Wilmington seeks bond for new garage
WILMINGTON -- Voters got a first-hand look at what the highway workers deal with when they need to retrieve their vehicles from the town garage and why they said they need a new one at an informational meeting Tuesday.
Prior to the two-hour meeting, residents took tours of the tight quarter facility which houses two 10-wheel plow trucks called tandems, three six-wheel dump truck-style plows and two F-550 plow trucks.
Just three weeks ago, Bill Hunt, the town’s road supervisor, injured his head on one of the wing edges of the larger plow trucks because he couldn’t fit through the space between the vehicles, he said.
"It’s tight in here," Hunt said. "If we need to get to a truck that isn’t parked right next to the door, we usually have to move two or three others."
Last month, the Selectboard approved a bond vote to be put on the Town Meeting ballot for $340,000 to construct a new town garage.
The current 6,280 square foot building, built in 1963, which shares a parking lot with the Twin Valley High School, would be replaced with a new 8,976 square-foot garage and a 55 foot by 25 foot salt shed located on town-owned property at 21 Haystack Road.
Each truck would get its own door and parking space to allow for easier, safer access and the ability to perform maintenance, Hunt said.
After the open house, about 20 people attended the information meeting led by the Selectboard, Chuck Clerici, chairman of the garage committee and the architect and contractors for the project.
Jeff Ingram of Ingram Construction Inc., of Swanzey, N.H., which was selected to build the garage, said because of the economy, costs for materials are lower.
"It’s a very good market to build something," Ingram said.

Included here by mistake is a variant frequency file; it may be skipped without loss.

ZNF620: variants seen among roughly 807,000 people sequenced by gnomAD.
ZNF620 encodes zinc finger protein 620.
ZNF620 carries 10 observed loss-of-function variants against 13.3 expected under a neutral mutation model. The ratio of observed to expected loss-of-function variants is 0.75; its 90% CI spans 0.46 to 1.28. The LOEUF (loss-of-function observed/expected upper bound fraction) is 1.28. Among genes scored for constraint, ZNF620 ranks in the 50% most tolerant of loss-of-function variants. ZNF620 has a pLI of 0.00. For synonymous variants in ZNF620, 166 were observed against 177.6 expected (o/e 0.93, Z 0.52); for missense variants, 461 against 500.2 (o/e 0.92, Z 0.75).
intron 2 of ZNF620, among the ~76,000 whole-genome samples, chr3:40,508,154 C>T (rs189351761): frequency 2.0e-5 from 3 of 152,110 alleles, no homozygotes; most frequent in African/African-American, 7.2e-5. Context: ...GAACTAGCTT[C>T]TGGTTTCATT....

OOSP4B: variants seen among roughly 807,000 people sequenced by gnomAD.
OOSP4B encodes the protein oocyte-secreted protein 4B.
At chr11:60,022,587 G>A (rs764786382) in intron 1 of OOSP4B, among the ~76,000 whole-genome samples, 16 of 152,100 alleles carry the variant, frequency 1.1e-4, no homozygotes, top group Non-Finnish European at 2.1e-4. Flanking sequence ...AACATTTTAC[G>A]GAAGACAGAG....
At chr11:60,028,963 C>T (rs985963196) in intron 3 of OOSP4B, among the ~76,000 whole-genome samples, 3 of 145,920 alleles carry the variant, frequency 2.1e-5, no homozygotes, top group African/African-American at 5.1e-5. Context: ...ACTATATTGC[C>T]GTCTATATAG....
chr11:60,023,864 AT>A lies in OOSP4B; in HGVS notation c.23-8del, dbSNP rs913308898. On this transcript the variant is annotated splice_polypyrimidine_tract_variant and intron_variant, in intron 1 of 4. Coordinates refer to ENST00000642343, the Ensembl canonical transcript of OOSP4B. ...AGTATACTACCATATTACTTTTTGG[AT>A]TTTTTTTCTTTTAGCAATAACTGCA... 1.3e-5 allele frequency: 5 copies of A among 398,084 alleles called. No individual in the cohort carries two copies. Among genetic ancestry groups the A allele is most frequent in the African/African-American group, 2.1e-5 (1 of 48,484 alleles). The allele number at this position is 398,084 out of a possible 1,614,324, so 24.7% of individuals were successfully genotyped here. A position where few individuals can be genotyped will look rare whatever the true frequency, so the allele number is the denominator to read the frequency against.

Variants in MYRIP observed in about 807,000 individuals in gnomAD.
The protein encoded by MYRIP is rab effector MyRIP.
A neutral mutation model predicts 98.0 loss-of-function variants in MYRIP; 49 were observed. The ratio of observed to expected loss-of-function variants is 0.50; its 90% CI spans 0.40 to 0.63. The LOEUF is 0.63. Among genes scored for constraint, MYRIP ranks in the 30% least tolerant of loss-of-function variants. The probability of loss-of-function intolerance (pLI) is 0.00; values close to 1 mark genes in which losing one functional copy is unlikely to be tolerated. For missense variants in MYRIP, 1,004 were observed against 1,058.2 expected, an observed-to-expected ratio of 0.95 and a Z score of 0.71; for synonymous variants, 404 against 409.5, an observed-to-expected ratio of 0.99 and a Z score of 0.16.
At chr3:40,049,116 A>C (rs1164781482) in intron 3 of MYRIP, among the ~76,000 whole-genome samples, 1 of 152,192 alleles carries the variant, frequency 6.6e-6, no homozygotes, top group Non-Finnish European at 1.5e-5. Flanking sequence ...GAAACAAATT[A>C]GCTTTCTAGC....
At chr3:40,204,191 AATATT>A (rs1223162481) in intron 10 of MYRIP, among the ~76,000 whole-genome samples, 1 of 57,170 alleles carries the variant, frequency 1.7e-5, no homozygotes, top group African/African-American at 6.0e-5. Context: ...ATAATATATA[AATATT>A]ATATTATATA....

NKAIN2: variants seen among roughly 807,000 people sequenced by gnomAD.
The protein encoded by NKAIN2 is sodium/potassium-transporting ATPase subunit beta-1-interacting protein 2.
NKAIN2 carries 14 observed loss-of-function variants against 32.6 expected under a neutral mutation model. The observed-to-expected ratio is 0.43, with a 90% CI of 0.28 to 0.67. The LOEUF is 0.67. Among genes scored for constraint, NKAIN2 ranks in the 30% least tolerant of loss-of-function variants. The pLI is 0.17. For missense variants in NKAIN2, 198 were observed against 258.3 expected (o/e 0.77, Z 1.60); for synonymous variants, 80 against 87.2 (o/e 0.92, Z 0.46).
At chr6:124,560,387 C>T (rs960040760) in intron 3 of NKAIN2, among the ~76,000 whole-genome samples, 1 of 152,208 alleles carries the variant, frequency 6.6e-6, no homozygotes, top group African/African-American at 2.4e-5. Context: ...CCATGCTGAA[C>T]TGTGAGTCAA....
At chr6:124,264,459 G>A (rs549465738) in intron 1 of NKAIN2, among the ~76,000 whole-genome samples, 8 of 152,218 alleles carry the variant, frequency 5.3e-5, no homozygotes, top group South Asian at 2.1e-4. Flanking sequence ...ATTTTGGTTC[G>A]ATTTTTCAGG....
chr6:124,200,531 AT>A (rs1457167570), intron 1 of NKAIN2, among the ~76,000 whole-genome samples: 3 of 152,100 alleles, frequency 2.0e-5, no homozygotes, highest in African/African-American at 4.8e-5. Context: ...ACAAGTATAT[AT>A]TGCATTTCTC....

Although the project budget is proposed for $963,483, only $340,000 is needed because of prior investments and a surplus found in last year’s budget which was allocated to the garage fund, Selectboard member Jim Burke said.
Former Town Manager Robert Grinold said he agreed with the project but wasn’t sure it was the right design.
"There’s no question about it, we need a new town garage," Grinold said. The two problems he had were about safety and heating. "If a fire broke out in the new garage it would cause us to lose the entire fleet. There’s no fire walls," he said.
Clerici responded, saying, "There were things we had to give up in this process, which meant we couldn’t have every bell and whistle."
He added that fire walls or another form of protection could be added to the building at a later date but to do so now could jeopardize the project.
Doug Wheeler, a road foreman, said the project must pass.
"I’m sick of crawling around in the water and dirt," Wheeler said. "The design is straightforward and to the point."
If the bond vote passes during Town Meeting, March 1, construction could begin in late March and be finished before December, Clerici said.
Josh Stilts can be reached at email@example.com, or 802-254-2311 ext. 273.
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